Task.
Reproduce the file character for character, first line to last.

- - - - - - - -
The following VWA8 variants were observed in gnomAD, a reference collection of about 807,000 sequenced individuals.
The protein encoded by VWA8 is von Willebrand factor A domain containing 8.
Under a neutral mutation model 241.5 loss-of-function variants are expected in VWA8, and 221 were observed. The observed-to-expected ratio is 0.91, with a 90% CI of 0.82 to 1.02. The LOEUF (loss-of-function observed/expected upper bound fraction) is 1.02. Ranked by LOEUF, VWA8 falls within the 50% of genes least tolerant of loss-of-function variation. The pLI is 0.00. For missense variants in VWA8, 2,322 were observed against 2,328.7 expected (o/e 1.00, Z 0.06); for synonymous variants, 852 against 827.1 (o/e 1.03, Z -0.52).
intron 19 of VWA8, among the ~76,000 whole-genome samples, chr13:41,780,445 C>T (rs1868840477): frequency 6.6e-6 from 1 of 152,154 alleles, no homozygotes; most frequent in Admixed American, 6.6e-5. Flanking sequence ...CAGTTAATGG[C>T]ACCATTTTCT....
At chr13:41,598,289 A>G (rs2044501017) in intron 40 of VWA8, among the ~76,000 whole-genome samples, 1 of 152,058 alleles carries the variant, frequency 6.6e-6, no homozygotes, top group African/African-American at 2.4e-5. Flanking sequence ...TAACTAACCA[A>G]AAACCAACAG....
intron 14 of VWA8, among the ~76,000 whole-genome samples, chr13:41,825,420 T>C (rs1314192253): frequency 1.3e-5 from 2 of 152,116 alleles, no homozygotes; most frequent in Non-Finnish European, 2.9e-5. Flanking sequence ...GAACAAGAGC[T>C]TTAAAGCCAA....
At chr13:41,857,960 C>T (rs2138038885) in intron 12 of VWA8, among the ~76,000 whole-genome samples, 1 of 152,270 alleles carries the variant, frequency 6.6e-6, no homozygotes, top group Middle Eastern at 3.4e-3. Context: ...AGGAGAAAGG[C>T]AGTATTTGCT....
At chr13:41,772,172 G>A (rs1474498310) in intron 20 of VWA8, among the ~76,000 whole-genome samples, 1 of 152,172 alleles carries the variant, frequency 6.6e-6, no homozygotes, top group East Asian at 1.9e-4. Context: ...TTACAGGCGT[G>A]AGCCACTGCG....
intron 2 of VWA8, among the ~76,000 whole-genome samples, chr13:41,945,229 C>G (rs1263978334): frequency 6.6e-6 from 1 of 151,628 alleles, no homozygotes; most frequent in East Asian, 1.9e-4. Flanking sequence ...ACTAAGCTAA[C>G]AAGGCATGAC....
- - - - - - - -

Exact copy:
The following VWA8 variants were observed in gnomAD, a reference collection of about 807,000 sequenced individuals.
The protein encoded by VWA8 is von Willebrand factor A domain containing 8.
Under a neutral mutation model 241.5 loss-of-function variants are expected in VWA8, and 221 were observed. The observed-to-expected ratio is 0.91, with a 90% CI of 0.82 to 1.02. The LOEUF (loss-of-function observed/expected upper bound fraction) is 1.02. Ranked by LOEUF, VWA8 falls within the 50% of genes least tolerant of loss-of-function variation. The pLI is 0.00. For missense variants in VWA8, 2,322 were observed against 2,328.7 expected (o/e 1.00, Z 0.06); for synonymous variants, 852 against 827.1 (o/e 1.03, Z -0.52).
intron 19 of VWA8, among the ~76,000 whole-genome samples, chr13:41,780,445 C>T (rs1868840477): frequency 6.6e-6 from 1 of 152,154 alleles, no homozygotes; most frequent in Admixed American, 6.6e-5. Flanking sequence ...CAGTTAATGG[C>T]ACCATTTTCT....
At chr13:41,598,289 A>G (rs2044501017) in intron 40 of VWA8, among the ~76,000 whole-genome samples, 1 of 152,058 alleles carries the variant, frequency 6.6e-6, no homozygotes, top group African/African-American at 2.4e-5. Flanking sequence ...TAACTAACCA[A>G]AAACCAACAG....
intron 14 of VWA8, among the ~76,000 whole-genome samples, chr13:41,825,420 T>C (rs1314192253): frequency 1.3e-5 from 2 of 152,116 alleles, no homozygotes; most frequent in Non-Finnish European, 2.9e-5. Flanking sequence ...GAACAAGAGC[T>C]TTAAAGCCAA....
At chr13:41,857,960 C>T (rs2138038885) in intron 12 of VWA8, among the ~76,000 whole-genome samples, 1 of 152,270 alleles carries the variant, frequency 6.6e-6, no homozygotes, top group Middle Eastern at 3.4e-3. Context: ...AGGAGAAAGG[C>T]AGTATTTGCT....
At chr13:41,772,172 G>A (rs1474498310) in intron 20 of VWA8, among the ~76,000 whole-genome samples, 1 of 152,172 alleles carries the variant, frequency 6.6e-6, no homozygotes, top group East Asian at 1.9e-4. Context: ...TTACAGGCGT[G>A]AGCCACTGCG....
intron 2 of VWA8, among the ~76,000 whole-genome samples, chr13:41,945,229 C>G (rs1263978334): frequency 6.6e-6 from 1 of 151,628 alleles, no homozygotes; most frequent in East Asian, 1.9e-4. Flanking sequence ...ACTAAGCTAA[C>G]AAGGCATGAC....